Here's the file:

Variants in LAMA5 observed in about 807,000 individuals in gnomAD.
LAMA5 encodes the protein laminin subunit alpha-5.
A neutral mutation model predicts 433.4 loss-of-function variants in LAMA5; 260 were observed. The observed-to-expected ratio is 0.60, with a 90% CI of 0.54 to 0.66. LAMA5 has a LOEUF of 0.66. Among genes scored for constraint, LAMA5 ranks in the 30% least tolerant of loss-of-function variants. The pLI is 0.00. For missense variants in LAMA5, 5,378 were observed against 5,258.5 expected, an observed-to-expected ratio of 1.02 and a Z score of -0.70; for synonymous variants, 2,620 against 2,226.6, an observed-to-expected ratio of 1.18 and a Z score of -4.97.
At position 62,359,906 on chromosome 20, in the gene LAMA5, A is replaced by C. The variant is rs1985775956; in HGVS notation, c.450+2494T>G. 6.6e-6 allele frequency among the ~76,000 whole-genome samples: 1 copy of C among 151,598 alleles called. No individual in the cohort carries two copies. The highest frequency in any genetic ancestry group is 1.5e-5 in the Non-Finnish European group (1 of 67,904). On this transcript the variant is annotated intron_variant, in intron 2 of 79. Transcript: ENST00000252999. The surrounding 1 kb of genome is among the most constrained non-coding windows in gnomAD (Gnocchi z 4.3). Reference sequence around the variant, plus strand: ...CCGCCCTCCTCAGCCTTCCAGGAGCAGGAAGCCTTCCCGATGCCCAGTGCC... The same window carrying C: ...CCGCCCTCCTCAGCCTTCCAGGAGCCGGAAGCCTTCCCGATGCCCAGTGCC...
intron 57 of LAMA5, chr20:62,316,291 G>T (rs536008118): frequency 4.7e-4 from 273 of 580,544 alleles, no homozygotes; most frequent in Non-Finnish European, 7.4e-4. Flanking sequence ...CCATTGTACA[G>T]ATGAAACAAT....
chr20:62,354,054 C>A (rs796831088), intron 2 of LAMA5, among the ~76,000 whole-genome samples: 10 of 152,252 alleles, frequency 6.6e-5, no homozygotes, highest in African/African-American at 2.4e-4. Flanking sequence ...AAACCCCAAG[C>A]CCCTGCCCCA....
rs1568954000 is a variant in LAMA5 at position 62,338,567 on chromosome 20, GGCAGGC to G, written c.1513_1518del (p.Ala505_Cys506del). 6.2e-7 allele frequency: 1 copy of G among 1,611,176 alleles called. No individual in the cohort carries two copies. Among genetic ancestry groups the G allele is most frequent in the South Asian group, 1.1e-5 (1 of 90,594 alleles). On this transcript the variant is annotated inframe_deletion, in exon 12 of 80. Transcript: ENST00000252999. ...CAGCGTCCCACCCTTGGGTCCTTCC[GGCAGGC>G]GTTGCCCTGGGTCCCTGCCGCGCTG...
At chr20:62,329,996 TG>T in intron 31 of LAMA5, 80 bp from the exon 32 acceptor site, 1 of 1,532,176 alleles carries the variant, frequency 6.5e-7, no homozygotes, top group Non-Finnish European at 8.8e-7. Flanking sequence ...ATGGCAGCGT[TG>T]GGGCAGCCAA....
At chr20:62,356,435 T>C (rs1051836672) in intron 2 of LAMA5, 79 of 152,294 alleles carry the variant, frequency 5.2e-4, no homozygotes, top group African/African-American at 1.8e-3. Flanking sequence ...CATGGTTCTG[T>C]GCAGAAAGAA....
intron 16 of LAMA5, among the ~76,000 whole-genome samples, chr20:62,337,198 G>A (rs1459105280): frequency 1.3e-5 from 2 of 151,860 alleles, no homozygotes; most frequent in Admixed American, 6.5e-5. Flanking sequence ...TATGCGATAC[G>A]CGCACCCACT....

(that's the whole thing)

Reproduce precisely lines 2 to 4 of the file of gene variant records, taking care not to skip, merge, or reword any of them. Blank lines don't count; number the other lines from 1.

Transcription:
LAMA5 encodes the protein laminin subunit alpha-5.
A neutral mutation model predicts 433.4 loss-of-function variants in LAMA5; 260 were observed. The observed-to-expected ratio is 0.60, with a 90% CI of 0.54 to 0.66. LAMA5 has a LOEUF of 0.66. Among genes scored for constraint, LAMA5 ranks in the 30% least tolerant of loss-of-function variants. The pLI is 0.00. For missense variants in LAMA5, 5,378 were observed against 5,258.5 expected, an observed-to-expected ratio of 1.02 and a Z score of -0.70; for synonymous variants, 2,620 against 2,226.6, an observed-to-expected ratio of 1.18 and a Z score of -4.97.
At position 62,359,906 on chromosome 20, in the gene LAMA5, A is replaced by C. The variant is rs1985775956; in HGVS notation, c.450+2494T>G. 6.6e-6 allele frequency among the ~76,000 whole-genome samples: 1 copy of C among 151,598 alleles called. No individual in the cohort carries two copies. The highest frequency in any genetic ancestry group is 1.5e-5 in the Non-Finnish European group (1 of 67,904). On this transcript the variant is annotated intron_variant, in intron 2 of 79. Transcript: ENST00000252999. The surrounding 1 kb of genome is among the most constrained non-coding windows in gnomAD (Gnocchi z 4.3). Reference sequence around the variant, plus strand: ...CCGCCCTCCTCAGCCTTCCAGGAGCAGGAAGCCTTCCCGATGCCCAGTGCC... The same window carrying C: ...CCGCCCTCCTCAGCCTTCCAGGAGCCGGAAGCCTTCCCGATGCCCAGTGCC...